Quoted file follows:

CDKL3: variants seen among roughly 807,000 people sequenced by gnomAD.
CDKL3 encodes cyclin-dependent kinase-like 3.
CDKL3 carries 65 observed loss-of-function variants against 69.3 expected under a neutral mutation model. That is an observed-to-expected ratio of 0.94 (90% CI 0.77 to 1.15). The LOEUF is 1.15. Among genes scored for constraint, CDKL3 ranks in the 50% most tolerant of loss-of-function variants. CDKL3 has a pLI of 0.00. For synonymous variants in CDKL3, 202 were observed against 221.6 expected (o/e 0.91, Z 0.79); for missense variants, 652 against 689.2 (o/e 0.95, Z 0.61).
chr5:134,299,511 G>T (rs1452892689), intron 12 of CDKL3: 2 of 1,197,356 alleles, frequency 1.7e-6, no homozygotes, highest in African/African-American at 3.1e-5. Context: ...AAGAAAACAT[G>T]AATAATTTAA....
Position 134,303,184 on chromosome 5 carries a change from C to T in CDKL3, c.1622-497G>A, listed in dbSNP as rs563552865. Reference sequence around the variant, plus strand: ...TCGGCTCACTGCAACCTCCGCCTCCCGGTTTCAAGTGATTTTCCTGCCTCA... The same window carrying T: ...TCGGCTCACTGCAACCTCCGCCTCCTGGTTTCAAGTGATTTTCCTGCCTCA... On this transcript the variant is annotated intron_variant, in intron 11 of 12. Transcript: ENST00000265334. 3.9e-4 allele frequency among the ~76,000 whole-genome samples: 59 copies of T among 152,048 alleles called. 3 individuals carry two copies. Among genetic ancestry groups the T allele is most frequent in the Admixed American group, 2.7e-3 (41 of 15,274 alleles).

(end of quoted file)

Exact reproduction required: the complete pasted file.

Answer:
CDKL3: variants seen among roughly 807,000 people sequenced by gnomAD.
CDKL3 encodes cyclin-dependent kinase-like 3.
CDKL3 carries 65 observed loss-of-function variants against 69.3 expected under a neutral mutation model. That is an observed-to-expected ratio of 0.94 (90% CI 0.77 to 1.15). The LOEUF is 1.15. Among genes scored for constraint, CDKL3 ranks in the 50% most tolerant of loss-of-function variants. CDKL3 has a pLI of 0.00. For synonymous variants in CDKL3, 202 were observed against 221.6 expected (o/e 0.91, Z 0.79); for missense variants, 652 against 689.2 (o/e 0.95, Z 0.61).
chr5:134,299,511 G>T (rs1452892689), intron 12 of CDKL3: 2 of 1,197,356 alleles, frequency 1.7e-6, no homozygotes, highest in African/African-American at 3.1e-5. Context: ...AAGAAAACAT[G>T]AATAATTTAA....
Position 134,303,184 on chromosome 5 carries a change from C to T in CDKL3, c.1622-497G>A, listed in dbSNP as rs563552865. Reference sequence around the variant, plus strand: ...TCGGCTCACTGCAACCTCCGCCTCCCGGTTTCAAGTGATTTTCCTGCCTCA... The same window carrying T: ...TCGGCTCACTGCAACCTCCGCCTCCTGGTTTCAAGTGATTTTCCTGCCTCA... On this transcript the variant is annotated intron_variant, in intron 11 of 12. Transcript: ENST00000265334. 3.9e-4 allele frequency among the ~76,000 whole-genome samples: 59 copies of T among 152,048 alleles called. 3 individuals carry two copies. Among genetic ancestry groups the T allele is most frequent in the Admixed American group, 2.7e-3 (41 of 15,274 alleles).